Blooms in Snow
by Conor Patrick

My son didn’t say nothing when I woke him. He sat up, still dead with sleep and the dizzying warmth of dreams, and looked at me, where I was standing in the doorway. Outside his window, the gray predawn wash of an overcast November morning lay settled among the barren poplars. When he slid from bed and hissed at the frigid wood floor against his bare feet, I knew he was awake and I disappeared back downstairs. I listened to him shuffling around while he searched out his long-johns and his half-gloves and his orange hat and some wool socks and his jeans and his boots, and then the quiet while he put them on, and then his boots thumping down the way I had come.

I put away three flapjacks drowning in maple and he put away two. When I poured myself coffee, he asked for some. He held the steaming mug in both hands while I took sips from mine, and he took each rattling page of the newspaper as I finished with it. We didn’t talk about nothing much except the snow that had dusted our property overnight and how it might crunch under the teeth of our boots once we reached the mountain, and then his ma came down in her frayed robe and her mussed yellow hair and laid her hand on the top of his head as she passed behind him at the table. She had coffee for breakfast and asked if we wanted any particulars from the grocery. He gave her some while she made sandwiches to send along with us, and then I told him it was time to go.

We didn’t talk about nothing much as we drove up the track road leading away from the house. Morning freeze had left the air and the grass the same shade of white and the engine of the truck chugged in the cold until we came to the big iron gate at the edge of our land. I told the boy to open it. He looked over at me but he didn’t say nothing. I had never asked this of him before.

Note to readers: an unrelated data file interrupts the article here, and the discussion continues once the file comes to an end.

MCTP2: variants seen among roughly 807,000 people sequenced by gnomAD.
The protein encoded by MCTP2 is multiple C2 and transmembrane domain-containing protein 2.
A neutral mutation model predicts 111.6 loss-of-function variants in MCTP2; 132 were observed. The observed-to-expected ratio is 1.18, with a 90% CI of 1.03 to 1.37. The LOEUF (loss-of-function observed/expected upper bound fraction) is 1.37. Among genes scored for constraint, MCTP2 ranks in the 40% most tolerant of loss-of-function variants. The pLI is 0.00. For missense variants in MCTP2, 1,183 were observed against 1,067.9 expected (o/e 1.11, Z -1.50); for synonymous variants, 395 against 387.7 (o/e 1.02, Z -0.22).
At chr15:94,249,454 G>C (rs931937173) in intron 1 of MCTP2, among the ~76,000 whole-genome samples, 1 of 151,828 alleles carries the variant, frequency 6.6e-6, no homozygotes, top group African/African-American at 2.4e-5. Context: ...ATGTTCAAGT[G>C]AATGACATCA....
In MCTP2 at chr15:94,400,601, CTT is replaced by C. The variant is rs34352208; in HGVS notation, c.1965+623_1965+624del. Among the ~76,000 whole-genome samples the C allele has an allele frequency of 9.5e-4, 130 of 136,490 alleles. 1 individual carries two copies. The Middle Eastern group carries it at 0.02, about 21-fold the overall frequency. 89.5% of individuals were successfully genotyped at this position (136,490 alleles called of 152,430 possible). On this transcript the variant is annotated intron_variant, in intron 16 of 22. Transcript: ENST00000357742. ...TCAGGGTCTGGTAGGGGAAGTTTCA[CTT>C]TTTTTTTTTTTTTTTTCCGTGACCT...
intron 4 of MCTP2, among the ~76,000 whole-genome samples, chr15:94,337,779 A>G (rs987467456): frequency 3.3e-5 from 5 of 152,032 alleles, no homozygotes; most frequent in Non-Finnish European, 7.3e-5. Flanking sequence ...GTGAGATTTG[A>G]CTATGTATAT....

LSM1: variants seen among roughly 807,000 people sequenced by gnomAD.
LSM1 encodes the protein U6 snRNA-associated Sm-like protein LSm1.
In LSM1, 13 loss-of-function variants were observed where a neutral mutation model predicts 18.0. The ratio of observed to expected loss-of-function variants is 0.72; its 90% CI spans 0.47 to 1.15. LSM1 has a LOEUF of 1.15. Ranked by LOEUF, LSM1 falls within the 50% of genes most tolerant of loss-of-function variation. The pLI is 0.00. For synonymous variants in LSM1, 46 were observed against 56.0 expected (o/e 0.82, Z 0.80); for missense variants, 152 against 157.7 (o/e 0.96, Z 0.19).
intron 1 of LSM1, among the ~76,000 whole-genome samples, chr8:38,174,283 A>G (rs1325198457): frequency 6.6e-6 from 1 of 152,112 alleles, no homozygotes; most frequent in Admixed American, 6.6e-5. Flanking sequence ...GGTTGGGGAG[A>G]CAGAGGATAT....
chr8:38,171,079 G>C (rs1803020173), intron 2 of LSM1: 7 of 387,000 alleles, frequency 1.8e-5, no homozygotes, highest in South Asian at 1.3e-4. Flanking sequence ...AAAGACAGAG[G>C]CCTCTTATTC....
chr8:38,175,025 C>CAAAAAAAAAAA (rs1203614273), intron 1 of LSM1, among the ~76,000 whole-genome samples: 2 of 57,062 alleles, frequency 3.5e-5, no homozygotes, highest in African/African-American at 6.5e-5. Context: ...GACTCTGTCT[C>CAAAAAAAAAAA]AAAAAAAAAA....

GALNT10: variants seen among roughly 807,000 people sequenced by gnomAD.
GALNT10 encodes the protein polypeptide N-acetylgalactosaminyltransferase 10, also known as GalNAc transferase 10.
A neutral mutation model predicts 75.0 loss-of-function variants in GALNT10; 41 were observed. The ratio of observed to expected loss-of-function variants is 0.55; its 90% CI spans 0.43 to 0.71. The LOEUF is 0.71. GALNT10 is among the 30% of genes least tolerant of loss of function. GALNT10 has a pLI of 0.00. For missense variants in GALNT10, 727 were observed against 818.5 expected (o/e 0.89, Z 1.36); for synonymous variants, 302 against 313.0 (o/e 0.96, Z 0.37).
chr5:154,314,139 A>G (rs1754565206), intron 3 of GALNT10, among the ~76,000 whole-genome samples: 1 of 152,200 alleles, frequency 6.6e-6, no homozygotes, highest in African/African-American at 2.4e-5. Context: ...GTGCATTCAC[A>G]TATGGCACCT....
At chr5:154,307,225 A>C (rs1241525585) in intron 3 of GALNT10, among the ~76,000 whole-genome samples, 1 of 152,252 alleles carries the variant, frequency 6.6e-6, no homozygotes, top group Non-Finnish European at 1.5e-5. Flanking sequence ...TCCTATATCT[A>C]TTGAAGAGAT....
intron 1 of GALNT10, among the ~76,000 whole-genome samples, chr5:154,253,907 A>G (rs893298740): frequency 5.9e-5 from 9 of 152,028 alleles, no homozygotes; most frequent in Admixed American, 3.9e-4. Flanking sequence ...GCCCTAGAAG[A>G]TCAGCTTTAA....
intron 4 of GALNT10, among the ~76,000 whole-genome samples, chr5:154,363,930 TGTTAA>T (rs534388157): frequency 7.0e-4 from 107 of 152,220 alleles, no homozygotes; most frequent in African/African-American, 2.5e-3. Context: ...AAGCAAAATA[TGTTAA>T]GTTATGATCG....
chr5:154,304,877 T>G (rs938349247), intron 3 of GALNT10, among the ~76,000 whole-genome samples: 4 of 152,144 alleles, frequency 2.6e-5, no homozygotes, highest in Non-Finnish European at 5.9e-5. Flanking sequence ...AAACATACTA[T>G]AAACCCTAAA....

He slid from the truck and I watched him. The gate was clasped with the iron chain like always and I could see from here that it had frosted in the night. He set upon it as best as he could but the chain was coiled ice-white. His fingers slipped from the metal again and again, until he came back and opened the truck door. His cheeks were pink and his breath showed and his nose ran and he said he couldn’t open it. Try again, I told him. Take your gloves off this time.

He pulled his gloves from his hands and stuffed them into his pockets. He huffed while he tangled with the chain, fumbling as if it were white-hot. I waited and watched as he freed it. He turned to look at me with the chain in his hands, his dark hair jutting from under his cap. He held it up for me to see.

I gave him a nod and pulled the truck through, and then he shut the gate behind us and clambered back inside the cab. I asked him if he was ready and he said he was. We played the radio as we cruised up the road toward the mountain.

The snow only drifted down at first. In that time we passed three other cars and the rigid carcass of a doe on the side of the road, its neck bent acutely. My son watched it sail by, craning to watch it disappear behind us. When it was gone he turned back around and fiddled with the radio.

The wind picked up and the snow came in sideways. Big flakes swept across the windshield and we flew through a maelstrom of white and wind, which buffeted the truck and howled through the seams of the door. The snow drifted and drew itself in chaos threads across the road, and I wondered aloud if we’d have any luck or if the herds might hunker down. The boy was looking out the window.

There isn’t nothing we can do either way, he said, and pressed his forehead against the glass and watched for anything. I didn’t know what to say to that.

By the time he looked up again we had turned off the main road and the mountain shrouded in white rose up before us like a titan. The wind had calmed and the snow came in flurries. In the mirrors the storm was black. We pulled onto a rutted dirt road speckled with snow and ice and creaked up it for a good while until we were in the pines.

The higher we went, the deeper the snow got. We went on uphill, listening to the tires kick up ice and cinder, until the forest closed around us and the road faded completely and we rolled to a stop. We sat, with the truck’s rhythmic grumble coming up through the seats, and we didn’t say nothing much. Then I killed the engine, and we sat for a minute in the quiet.

When I opened my door, he opened his, and he slid down to the ground where his boots crunched in the snow. I collected our gear and shut the door. My son came around the back and I handed him a gun. Quiet now, I told him.

The forest was still. The snow was deep as my shins but I plowed through it. My boy put his boots where mine had been, and we ascended drifts and weaved among the silent trunks of trees and watched for sticks that might snap under our boots and echo out into the wood. Afte